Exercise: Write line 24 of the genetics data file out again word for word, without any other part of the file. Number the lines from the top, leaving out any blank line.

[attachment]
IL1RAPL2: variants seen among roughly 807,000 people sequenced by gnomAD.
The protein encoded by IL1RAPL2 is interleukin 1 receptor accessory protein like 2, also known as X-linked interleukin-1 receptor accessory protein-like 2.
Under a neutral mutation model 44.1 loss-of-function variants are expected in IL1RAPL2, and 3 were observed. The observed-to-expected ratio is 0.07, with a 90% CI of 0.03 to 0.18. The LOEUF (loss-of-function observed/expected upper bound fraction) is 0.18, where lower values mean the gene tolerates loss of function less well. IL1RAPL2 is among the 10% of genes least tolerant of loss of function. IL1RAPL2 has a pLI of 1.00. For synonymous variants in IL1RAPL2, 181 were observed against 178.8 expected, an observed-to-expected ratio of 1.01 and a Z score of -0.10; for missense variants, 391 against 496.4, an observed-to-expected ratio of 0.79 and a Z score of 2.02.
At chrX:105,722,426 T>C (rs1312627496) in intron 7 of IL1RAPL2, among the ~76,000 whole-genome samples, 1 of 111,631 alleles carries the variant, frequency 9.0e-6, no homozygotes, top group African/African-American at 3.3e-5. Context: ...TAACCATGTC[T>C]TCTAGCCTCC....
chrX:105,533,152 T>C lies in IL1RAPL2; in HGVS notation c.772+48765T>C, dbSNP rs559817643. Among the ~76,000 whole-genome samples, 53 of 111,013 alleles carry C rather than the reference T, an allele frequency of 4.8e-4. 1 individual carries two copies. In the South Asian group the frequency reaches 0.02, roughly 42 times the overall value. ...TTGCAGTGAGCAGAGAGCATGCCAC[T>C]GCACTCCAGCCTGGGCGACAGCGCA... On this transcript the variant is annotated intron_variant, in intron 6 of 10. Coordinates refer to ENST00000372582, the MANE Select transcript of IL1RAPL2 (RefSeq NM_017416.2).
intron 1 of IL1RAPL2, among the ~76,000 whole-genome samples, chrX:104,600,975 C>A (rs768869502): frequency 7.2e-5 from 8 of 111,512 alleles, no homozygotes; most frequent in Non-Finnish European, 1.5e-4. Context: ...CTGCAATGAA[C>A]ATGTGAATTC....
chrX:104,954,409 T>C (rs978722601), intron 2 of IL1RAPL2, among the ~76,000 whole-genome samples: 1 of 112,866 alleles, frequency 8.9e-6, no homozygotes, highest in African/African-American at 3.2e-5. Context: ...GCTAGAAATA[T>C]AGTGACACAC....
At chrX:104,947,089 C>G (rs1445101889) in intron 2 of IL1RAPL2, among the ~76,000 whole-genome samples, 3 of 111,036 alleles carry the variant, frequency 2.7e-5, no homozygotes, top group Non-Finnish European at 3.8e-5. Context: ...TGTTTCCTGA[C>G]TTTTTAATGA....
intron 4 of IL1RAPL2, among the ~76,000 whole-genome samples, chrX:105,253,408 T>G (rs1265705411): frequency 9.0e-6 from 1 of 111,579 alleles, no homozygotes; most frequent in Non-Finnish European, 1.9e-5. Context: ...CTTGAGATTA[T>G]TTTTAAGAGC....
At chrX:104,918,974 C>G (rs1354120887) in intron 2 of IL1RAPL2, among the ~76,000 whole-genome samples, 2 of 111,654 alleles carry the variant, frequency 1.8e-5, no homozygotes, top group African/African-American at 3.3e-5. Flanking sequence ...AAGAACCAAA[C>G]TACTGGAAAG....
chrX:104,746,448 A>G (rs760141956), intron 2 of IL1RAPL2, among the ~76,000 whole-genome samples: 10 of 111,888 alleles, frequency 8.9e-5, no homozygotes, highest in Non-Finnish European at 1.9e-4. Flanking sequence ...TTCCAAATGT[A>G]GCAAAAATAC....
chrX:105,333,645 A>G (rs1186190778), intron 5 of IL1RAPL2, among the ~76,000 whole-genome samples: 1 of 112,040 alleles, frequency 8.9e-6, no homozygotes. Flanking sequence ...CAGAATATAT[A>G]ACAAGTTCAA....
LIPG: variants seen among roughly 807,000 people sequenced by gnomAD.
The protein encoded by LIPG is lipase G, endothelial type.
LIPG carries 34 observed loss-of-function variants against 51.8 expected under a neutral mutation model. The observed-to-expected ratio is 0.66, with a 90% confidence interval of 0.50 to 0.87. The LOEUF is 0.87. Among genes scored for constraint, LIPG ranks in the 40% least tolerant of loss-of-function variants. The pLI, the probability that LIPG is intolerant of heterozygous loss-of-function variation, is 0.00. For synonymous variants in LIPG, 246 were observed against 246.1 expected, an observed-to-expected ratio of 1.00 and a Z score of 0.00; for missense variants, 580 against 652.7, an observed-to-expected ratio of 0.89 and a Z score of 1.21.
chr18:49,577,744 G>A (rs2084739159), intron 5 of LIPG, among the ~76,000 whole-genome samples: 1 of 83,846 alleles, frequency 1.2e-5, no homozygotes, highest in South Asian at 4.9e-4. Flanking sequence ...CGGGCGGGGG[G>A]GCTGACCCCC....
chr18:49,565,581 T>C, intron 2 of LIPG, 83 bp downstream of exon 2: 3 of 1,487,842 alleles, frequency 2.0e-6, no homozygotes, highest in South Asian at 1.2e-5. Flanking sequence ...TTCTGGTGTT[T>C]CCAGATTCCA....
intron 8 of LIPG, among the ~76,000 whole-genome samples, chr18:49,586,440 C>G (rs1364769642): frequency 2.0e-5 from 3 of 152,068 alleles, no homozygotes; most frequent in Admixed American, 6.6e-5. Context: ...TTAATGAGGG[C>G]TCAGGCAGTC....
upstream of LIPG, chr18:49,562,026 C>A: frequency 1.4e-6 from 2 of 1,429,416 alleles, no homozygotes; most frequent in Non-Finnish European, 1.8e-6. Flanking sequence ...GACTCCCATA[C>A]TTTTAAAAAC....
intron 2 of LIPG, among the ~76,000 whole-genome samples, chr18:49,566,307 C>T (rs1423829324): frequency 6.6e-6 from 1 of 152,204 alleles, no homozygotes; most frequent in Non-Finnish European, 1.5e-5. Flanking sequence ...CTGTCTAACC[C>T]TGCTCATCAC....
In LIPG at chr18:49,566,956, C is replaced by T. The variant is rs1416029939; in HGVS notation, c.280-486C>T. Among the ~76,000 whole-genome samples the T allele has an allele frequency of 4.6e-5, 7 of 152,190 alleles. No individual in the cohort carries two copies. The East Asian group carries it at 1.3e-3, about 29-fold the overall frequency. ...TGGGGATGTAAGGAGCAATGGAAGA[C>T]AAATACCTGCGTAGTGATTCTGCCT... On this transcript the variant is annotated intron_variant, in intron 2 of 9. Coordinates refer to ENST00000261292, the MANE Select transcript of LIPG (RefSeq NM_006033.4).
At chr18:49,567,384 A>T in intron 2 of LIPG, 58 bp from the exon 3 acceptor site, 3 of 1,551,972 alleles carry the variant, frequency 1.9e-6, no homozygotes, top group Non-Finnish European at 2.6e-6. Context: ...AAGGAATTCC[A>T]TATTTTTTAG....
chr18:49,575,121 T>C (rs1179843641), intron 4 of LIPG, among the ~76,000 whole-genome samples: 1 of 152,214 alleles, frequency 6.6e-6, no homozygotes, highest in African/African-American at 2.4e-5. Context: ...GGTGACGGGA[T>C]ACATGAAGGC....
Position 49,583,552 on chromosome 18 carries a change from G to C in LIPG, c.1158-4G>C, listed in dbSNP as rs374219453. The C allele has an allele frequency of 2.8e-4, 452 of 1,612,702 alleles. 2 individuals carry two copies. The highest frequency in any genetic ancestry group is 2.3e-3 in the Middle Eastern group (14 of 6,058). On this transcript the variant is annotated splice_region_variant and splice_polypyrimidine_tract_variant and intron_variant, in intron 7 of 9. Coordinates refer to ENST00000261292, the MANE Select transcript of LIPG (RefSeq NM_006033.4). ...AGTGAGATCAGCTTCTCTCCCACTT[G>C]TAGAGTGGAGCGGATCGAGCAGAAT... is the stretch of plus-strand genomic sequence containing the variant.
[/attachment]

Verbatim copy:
Position 49,583,552 on chromosome 18 carries a change from G to C in LIPG, c.1158-4G>C, listed in dbSNP as rs374219453. The C allele has an allele frequency of 2.8e-4, 452 of 1,612,702 alleles. 2 individuals carry two copies. The highest frequency in any genetic ancestry group is 2.3e-3 in the Middle Eastern group (14 of 6,058). On this transcript the variant is annotated splice_region_variant and splice_polypyrimidine_tract_variant and intron_variant, in intron 7 of 9. Coordinates refer to ENST00000261292, the MANE Select transcript of LIPG (RefSeq NM_006033.4). ...AGTGAGATCAGCTTCTCTCCCACTT[G>C]TAGAGTGGAGCGGATCGAGCAGAAT... is the stretch of plus-strand genomic sequence containing the variant.